A daughter cherishes her time with her dad. It was not glamorous. In fact, it smelled of oil and smoke. But, it was with dad.
When I was growing up, my dad lived in a world foreign to me: the garage. To be honest, I didn’t have a clue as to what he did in there. To be more honest, I really didn’t care, either. I was too busy with my own life. I was more interested in how I was getting to Friday night’s football game and when I was going to find time to make spirit pants. The garage couldn’t help me with any of that.
Still, the garage was a large part of my childhood. I remember when it was built. The picture of the framework is still clear as crystal in my mind. I can close my eyes and see it. The walls are up around part of it, but there are no steps leading to it all. The frame for the car port is built but is only a bare skeleton. I remember thinking it was so cool to be up there while they were working. I was so small then and it seemed so high up. In actuality, it wasn’t really that high, but that’s how it felt to me. My dad would lift me up to my Uncle Lawson and he would sit me down on the concrete floor where I could gaze out over the yard. It’s one of my fondest memories with my Uncle Lawson still to this day.
The thing I remember most about the garage is the smell. It’s the same smell that lingers on all of Dad’s flea market work shirts, the ones that have names on them that are not his. It’s the smell that would fill our house when he walked in from a long day, especially in winter. It carries best on cold air. And it’s the smell that I breathe in with every hug and goodnight kiss: the smell of motor oil and smoke.
It’s the one smell that I associate with Dad. It reminds me of hard work, because that’s what he’s has always done. It’s simple, too. Nothing fancy about it, just like him. My Daddy is as simple as they come. He doesn’t do drama and he’s a man of few words. No yelling or small talk for him. You might get a nod of the head if you pass him on the street, or a “hey brother” if he calls you a friend. Other than that, he’s quiet. He’s not the type of person you ask for advice about life or love or what to wear on a first date. But when my mother passed away, he was all I had. We were left walking the same street of grief, just me and him, and I like to talk. He didn’t have much of a choice.
The days and nights that followed after we lost Mom are mainly a repetitive blur. Wake up, miss mom. Go to school, miss mom. Come home, miss mom, and talk to Dad. Sometimes, we’d go play pool. Sometimes, we’d listen to music. The conversation always turned to Mom and he always pushed me to keep on living. He didn’t say a lot, but the words he did say were powerful. I found out my Dad was not just a Dad, but was a husband and friend. He was someone who thought much more than he spoke. I saw him for the first time through new eyes, and I was amazed.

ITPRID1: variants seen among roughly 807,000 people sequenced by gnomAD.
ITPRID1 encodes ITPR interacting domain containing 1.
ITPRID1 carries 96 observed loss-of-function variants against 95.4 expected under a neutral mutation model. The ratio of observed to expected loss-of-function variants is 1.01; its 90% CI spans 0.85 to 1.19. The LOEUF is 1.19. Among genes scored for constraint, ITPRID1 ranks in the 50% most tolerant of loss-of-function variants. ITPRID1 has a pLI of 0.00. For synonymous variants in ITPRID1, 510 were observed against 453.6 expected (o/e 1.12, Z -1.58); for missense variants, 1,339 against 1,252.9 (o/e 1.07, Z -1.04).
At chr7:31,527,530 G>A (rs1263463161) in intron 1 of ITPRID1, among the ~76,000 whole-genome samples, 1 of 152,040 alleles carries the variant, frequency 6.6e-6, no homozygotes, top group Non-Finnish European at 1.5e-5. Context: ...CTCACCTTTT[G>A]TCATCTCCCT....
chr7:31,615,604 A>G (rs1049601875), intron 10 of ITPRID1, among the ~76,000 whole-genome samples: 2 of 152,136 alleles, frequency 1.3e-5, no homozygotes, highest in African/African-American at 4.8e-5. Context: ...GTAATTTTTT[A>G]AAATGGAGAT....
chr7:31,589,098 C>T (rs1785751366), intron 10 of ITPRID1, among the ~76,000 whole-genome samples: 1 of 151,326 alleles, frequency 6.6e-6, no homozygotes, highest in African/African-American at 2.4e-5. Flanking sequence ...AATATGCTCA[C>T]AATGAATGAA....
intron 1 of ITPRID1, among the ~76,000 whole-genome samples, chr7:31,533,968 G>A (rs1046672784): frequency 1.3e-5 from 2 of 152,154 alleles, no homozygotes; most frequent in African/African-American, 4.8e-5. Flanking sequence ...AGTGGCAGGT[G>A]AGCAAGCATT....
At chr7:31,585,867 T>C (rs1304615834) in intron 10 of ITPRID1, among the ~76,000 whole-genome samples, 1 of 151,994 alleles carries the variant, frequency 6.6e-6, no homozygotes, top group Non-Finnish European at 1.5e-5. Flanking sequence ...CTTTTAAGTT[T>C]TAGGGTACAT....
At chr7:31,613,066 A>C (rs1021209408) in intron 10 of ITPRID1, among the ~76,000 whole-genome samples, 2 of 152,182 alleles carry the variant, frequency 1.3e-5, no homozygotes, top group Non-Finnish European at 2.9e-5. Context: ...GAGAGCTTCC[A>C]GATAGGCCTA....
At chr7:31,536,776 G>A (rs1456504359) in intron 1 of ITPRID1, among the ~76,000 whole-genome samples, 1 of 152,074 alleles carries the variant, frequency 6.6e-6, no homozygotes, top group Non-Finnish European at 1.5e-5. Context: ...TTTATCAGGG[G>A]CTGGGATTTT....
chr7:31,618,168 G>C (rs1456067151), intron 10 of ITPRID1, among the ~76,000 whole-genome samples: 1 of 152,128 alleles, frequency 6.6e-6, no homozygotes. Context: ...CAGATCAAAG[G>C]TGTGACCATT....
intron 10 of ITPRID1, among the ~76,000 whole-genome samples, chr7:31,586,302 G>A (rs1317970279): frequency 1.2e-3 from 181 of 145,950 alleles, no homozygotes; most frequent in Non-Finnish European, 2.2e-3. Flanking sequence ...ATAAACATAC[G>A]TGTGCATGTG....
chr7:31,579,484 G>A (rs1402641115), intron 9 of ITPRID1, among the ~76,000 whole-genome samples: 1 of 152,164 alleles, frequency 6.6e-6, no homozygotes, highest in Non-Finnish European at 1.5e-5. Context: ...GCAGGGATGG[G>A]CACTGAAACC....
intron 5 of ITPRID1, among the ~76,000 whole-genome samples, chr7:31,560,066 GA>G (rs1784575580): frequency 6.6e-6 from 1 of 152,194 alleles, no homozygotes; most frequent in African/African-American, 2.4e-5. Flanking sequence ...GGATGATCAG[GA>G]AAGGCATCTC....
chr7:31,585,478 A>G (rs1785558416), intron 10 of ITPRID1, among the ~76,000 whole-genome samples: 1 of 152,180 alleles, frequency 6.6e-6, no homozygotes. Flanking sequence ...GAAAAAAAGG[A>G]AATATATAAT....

When I finally started listening to the few words he had to say, my life changed. With one conversation, my Daddy gave me the greatest gift I could ever receive. It was after I finished nursing school and right before I was supposed to get married. We we’re having one of our daily conversations, when he gave it to me. We were talking about our futures and the life I had yet to live. He was excited for me. That night, I heard the heart of a poet speak from a man who smelled of motor oil and smoke. He said these words, “The whole horizon is yours, I leave nothing out. It’s all for you.”
With that, Dad set in motion every dream I will ever reach, every success I will ever aspire to have, and all the love my heart can hold. He gave me everything I could every look for in this world and more. He gave me the horizon, and in doing so, assured me there is nothing out of my reach.
As fate would have it, my office is hidden in the garage of a local Peterbilt dealership. Monday through Friday, I’m surrounded by eighteen-wheelers. It’s loud, oily, and rough around the edges. The mechanics who I work with have become my second family.
They all try to make sure my vehicle gets me safely from Point A to Point B. They routinely gauge the air in my tires, check fluid levels, and inspect any noises I hear. They take care of me. So I spoil them. I keep them snack cakes of all varieties in what we call “The Community Snack Chest.” They visit my office regularly to rummage for food.
I don’t mind a bit, especially when it’s cold outside. When they step through my door, they bring a piece of my childhood back to life. On their uniforms, they carry the scent of motor oil and smoke. I breathe in deep, smile, and look for the horizon my Daddy gave me.
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